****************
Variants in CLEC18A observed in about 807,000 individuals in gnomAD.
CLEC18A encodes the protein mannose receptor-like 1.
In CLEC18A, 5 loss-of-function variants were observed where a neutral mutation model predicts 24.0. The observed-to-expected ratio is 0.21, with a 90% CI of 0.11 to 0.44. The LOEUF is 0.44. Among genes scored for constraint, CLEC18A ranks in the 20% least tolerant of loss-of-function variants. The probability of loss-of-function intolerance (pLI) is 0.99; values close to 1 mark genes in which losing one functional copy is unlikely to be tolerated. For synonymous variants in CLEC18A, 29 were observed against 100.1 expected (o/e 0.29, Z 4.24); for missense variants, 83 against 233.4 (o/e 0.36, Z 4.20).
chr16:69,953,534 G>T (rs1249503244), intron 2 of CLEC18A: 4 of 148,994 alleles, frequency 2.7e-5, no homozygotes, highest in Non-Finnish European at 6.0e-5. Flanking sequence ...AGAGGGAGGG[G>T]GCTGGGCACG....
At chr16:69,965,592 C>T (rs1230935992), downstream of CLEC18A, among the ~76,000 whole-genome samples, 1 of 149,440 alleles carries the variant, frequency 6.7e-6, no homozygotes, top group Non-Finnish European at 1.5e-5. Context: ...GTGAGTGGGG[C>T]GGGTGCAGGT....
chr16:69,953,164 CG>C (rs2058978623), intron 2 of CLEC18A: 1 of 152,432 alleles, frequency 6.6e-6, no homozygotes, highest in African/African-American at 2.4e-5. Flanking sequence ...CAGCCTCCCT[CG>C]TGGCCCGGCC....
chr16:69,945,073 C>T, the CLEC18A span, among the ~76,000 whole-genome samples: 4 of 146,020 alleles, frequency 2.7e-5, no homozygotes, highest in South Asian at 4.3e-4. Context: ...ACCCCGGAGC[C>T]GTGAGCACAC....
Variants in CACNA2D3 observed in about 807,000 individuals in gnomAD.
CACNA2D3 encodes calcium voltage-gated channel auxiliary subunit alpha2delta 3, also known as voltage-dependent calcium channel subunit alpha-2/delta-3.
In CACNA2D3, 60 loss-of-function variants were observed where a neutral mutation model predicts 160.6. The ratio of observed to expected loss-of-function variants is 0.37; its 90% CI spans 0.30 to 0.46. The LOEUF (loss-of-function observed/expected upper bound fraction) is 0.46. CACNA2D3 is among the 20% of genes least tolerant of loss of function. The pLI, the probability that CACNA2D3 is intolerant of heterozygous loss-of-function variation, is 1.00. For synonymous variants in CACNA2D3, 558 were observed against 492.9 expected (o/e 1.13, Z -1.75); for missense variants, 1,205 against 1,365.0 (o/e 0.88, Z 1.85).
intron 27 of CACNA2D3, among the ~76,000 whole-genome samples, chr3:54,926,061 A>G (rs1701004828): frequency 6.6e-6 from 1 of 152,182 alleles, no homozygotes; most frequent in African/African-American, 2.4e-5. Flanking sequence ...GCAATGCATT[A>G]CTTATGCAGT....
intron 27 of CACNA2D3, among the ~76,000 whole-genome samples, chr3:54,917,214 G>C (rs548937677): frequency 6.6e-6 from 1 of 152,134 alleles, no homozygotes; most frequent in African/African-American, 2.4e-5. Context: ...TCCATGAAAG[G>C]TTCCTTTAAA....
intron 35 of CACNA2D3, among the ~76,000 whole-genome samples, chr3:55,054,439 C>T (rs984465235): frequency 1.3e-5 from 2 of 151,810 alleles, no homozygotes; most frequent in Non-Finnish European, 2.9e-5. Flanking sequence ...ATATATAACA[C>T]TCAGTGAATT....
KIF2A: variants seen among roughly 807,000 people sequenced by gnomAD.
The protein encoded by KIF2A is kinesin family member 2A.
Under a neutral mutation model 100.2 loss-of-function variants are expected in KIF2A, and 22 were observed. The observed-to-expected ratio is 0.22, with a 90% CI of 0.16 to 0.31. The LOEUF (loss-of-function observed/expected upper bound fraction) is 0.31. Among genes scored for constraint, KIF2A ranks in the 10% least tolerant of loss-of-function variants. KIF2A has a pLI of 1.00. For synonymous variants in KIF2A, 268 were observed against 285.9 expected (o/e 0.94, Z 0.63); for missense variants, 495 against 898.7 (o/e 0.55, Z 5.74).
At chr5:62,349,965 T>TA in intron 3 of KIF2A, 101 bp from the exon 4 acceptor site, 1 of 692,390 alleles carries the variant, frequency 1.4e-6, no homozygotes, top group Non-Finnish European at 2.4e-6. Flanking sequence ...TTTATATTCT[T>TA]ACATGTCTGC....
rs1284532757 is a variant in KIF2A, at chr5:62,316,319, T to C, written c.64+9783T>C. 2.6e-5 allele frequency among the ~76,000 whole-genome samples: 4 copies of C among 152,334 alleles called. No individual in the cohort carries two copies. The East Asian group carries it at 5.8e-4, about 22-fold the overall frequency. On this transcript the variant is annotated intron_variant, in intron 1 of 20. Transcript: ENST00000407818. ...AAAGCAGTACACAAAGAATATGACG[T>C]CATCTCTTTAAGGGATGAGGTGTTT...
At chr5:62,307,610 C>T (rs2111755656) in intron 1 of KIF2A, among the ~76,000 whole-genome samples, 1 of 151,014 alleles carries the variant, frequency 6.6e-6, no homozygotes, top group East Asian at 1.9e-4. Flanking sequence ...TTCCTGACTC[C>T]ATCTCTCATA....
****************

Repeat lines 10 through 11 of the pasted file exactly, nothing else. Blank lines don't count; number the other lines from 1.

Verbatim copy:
In CACNA2D3, 60 loss-of-function variants were observed where a neutral mutation model predicts 160.6. The ratio of observed to expected loss-of-function variants is 0.37; its 90% CI spans 0.30 to 0.46. The LOEUF (loss-of-function observed/expected upper bound fraction) is 0.46. CACNA2D3 is among the 20% of genes least tolerant of loss of function. The pLI, the probability that CACNA2D3 is intolerant of heterozygous loss-of-function variation, is 1.00. For synonymous variants in CACNA2D3, 558 were observed against 492.9 expected (o/e 1.13, Z -1.75); for missense variants, 1,205 against 1,365.0 (o/e 0.88, Z 1.85).
intron 27 of CACNA2D3, among the ~76,000 whole-genome samples, chr3:54,926,061 A>G (rs1701004828): frequency 6.6e-6 from 1 of 152,182 alleles, no homozygotes; most frequent in African/African-American, 2.4e-5. Flanking sequence ...GCAATGCATT[A>G]CTTATGCAGT....